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Environment and Outdoors
The Rural Maine Reporting Project is made possible through the generous support of the Betterment Fund.

Despite Lack Of Signs, Thousands Are Finding Their Way To Maine's National Monument

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Susan Sharon
/
Maine Public
The Orrin Stream, in the Katahdin Woods and Waters National Monument, seen in May 2017.

As motorists stack up at Maine's century-old Acadia National Park, visitorship to the state's fledgling Katahdin Woods and Waters National Monument - just turning three - is nowhere near as fierce, but it's growing.

"So, it's been, I think, fairly constant," says park Superintendent Tim Hudson. "We've been picking up, you know, 6, 7 per cent a year."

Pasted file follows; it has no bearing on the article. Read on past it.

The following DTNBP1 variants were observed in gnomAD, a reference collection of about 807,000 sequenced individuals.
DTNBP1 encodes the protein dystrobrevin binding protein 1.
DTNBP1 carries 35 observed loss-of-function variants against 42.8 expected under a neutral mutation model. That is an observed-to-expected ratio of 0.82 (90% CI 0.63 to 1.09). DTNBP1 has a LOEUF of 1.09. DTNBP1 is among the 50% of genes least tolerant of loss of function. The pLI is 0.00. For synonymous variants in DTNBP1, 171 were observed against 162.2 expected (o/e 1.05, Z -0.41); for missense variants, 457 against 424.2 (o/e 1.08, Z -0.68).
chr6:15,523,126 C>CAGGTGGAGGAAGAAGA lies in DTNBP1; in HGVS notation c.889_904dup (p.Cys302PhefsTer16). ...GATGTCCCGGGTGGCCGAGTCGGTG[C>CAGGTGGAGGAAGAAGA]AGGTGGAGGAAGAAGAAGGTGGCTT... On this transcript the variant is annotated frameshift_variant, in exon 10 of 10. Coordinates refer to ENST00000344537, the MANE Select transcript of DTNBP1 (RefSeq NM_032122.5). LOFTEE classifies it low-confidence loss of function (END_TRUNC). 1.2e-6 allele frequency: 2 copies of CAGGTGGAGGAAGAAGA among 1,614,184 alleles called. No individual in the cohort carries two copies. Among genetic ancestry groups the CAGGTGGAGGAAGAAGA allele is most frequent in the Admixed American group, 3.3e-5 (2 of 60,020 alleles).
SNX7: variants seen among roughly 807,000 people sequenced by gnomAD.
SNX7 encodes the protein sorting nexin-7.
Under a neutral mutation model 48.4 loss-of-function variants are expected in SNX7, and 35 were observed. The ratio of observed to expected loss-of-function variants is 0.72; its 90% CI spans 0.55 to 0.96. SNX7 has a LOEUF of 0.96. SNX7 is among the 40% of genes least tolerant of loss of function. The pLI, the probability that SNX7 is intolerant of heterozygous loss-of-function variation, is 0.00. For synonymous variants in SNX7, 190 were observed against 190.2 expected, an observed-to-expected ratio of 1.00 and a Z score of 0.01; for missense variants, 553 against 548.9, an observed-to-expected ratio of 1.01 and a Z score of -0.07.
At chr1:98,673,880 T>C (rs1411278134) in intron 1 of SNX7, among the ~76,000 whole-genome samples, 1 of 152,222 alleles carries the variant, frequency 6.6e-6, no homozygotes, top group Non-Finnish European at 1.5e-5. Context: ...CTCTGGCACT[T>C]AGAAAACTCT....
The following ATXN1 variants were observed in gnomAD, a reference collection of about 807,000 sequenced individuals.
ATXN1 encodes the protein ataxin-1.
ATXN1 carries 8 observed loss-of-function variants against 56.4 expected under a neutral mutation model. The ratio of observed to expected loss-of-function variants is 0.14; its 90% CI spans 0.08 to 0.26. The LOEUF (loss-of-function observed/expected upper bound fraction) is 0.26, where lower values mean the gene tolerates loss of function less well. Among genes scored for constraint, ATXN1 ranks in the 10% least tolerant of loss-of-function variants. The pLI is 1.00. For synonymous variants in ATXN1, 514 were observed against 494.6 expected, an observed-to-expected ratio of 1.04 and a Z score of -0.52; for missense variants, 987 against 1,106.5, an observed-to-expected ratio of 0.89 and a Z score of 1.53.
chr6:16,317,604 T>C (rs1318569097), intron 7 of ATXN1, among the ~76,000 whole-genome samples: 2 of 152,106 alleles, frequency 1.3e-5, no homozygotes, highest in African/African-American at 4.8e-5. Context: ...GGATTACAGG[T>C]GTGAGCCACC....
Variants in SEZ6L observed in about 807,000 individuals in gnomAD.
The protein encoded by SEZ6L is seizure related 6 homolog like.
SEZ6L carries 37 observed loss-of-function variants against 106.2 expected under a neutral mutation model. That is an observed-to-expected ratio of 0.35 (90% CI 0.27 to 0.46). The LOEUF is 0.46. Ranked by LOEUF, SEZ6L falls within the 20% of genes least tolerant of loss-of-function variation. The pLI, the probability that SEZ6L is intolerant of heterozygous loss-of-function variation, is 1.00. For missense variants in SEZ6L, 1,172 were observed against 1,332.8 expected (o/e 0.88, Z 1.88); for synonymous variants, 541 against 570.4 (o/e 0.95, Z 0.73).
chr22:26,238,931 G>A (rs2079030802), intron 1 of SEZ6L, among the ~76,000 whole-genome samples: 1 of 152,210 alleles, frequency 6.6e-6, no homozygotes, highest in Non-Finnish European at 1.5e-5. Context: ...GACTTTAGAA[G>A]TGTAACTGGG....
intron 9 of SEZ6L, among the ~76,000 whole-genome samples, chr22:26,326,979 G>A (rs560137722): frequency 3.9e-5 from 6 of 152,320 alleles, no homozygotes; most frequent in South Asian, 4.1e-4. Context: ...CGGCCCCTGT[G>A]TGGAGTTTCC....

While highway signs directing visitors toward the park still haven't been put up, Hudson says more than 18,000 visitors found Katahdin Woods and Waters last summer, hailing from 45 states and 9 countries. Hudson says this year also appears to be steady.

 

It's less clear how many snowmobilers have been using the trails for the three-month riding season that starts each January. Hudson says this winter the park plans to install some counting equipment, but he says initial estimates using other metrics are encouraging.

 

"We talk to people who rent, and where people stay," he says. "I think we're going to be right in the 10,000 to 15,000 range.

 

Hudson says the Katahdin Woods and Waters highway signs should be up "before the snow flies."

 

Tune in Thursday, July 17, 2019, for a special Maine Calling live from Millinocket, where the latest on the park's development will be among the topics discussed.